The following focuses on the observations made from coin compositions and microstructures of nummi minimi and fulūs. The possible metal origins of copper and lead are also investigated before synthesising a more general discussion on the fifth century CE ‘monetary crisis’ and ‘Abd al-Malik’s monetary reform. The range and mean values of copper and the main alloying elements of interest of the copper-based coinage studied here for each century (nummi minimi) and period (Umayyad pre- and post-reform) are shown in Table 5 and illustrated in Fig. 6. This paper does not seek to identify differences between mints, which is invariably impossible for many of the nummi minimi.

Table 5 Range and mean values for copper, lead, tin and zinc for each century (bd = beneath detection limits); HV = Vickers hardness
Fig. 6
figure 6

Boxplot of Cu, Pb, Zn and Sn concentrations for each period (4th century CE = 5, 5th century = 22, 5/6th century = 2, 6th century = 2, pre-reform Umayyad = 3, post-reform Umayyad = 9). Note: for Zn, two outliers for the 5th century CE (8.5 and 11.2 wt%) and one outlier of Umayyad post-reform (4.1 wt%) are beyond the axis limits of the boxplot

Table 4 Pb isotope compositions of the coins analysed

Nummi minimi

With the exception of the single leaded bronze coin, the remaining coins analysed from the fourth century CE are made from a relatively pure smelted copper (or re-melted product thereof) with a relative absence of Sn and Zn, and thus not the product of recycling copper alloys.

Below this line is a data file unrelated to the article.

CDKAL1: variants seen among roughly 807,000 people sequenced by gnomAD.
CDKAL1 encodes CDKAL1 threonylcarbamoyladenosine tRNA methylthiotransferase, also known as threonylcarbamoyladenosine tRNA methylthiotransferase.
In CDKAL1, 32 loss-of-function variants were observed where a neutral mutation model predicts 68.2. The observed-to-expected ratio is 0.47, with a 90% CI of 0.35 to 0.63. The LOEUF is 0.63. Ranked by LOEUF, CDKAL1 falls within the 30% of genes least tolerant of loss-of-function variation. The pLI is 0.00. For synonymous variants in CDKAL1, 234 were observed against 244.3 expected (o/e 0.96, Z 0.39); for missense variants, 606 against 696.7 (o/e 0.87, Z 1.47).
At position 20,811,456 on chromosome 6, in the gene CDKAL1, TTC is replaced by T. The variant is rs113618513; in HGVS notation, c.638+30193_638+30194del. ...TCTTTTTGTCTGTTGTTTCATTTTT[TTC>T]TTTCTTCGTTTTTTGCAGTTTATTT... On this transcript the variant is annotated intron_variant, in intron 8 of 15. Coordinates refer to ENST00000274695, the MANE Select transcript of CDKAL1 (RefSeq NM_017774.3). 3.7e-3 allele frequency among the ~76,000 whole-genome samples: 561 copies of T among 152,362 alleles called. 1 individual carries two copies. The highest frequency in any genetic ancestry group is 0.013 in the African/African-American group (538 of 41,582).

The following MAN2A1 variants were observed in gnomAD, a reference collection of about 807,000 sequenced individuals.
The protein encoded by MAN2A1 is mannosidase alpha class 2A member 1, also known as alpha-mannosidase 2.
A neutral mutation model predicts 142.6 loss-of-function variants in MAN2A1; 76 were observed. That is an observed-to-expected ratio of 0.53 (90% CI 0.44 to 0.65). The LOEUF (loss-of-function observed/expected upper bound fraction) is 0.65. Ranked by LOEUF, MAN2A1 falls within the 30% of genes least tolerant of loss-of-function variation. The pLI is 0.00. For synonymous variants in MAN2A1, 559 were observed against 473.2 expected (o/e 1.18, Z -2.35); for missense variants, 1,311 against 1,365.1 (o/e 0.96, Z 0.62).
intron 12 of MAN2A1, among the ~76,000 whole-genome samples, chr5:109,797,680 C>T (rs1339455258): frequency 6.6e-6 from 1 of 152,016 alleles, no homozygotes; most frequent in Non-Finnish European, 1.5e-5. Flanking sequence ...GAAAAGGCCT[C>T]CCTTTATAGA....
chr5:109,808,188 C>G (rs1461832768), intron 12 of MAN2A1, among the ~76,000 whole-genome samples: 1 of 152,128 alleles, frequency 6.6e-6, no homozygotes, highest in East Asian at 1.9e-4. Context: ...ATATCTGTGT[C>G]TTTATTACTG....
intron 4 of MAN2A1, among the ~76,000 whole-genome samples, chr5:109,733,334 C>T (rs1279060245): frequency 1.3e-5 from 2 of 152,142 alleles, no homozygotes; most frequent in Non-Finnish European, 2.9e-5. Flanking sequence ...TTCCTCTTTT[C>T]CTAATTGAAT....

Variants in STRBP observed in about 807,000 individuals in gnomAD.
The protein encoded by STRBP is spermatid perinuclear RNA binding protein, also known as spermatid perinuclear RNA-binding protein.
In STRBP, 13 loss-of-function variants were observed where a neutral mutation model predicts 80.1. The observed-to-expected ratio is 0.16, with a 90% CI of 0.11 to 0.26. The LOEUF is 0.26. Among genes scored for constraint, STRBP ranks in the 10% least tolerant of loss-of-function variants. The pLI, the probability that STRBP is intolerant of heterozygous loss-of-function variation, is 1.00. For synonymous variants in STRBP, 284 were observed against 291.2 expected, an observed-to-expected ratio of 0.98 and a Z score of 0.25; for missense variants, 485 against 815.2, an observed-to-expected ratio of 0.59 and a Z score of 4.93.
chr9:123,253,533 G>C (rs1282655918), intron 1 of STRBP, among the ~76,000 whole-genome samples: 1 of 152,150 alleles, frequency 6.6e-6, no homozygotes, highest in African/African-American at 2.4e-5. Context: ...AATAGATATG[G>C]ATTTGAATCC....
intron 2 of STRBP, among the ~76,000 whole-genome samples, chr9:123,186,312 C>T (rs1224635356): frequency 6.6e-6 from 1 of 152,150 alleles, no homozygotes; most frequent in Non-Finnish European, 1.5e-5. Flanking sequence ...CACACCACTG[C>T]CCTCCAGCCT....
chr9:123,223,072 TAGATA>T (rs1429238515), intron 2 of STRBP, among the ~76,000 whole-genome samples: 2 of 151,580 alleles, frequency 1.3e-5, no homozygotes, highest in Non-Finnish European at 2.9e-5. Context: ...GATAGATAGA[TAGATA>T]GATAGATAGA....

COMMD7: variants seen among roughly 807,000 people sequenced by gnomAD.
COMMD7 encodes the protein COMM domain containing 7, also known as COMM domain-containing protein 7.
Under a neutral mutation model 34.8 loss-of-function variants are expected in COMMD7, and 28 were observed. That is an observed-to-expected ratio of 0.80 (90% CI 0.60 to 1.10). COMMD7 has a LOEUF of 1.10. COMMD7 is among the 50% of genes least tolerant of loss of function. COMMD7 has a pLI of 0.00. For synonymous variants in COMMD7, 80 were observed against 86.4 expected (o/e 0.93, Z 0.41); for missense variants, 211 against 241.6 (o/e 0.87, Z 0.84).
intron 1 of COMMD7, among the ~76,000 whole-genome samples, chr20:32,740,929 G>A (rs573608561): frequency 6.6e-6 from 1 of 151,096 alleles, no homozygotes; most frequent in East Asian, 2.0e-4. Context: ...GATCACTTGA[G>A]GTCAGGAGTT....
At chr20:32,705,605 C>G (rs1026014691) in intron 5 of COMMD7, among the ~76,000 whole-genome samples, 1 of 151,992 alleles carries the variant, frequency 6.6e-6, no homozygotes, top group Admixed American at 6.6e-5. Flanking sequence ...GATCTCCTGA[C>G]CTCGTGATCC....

When all the dated nummi minimi are taken into account, the increased debasement in the fifth century CE is more visible (see Fig. 7). The debasement of nummi minimi with lead in the fifth century CE has also been observed in the Western Roman Empire (Canovaro et al. 2013, 2015; Scuotto et al. 2014); however, with this study the same phenomenon can be tracked in the East, where very few scientific investigations have taken place (King et al. 1992; al-Sa’ad et al. 2000).

Fig. 7
figure 7

Histograms comparing the element concentrations (in wt%) of Cu, Pb and Sn analysed from the 4th and 5th centuries CE (highlighted in grey) in relation to the element concentrations of all nummi minimi analysed (white)

A clear drop in the copper content is visible in the fifth century CE nummi minimi, to around 83 wt% Cu. This coincides with a notable increase in lead, the main alloying component (≈ 15 wt%), as well as tin and zinc. Not only is the copper used clearly being heavily debased with lead, but the base metal being used derives from recycled copper alloys, such as bronze or even brass (see J16-Xa-2-131 and J16-Vdf-25-1x). The results here are in good agreement with those coins published from the East, showing higher lead contents than the West (King et al. 1992, p. 62).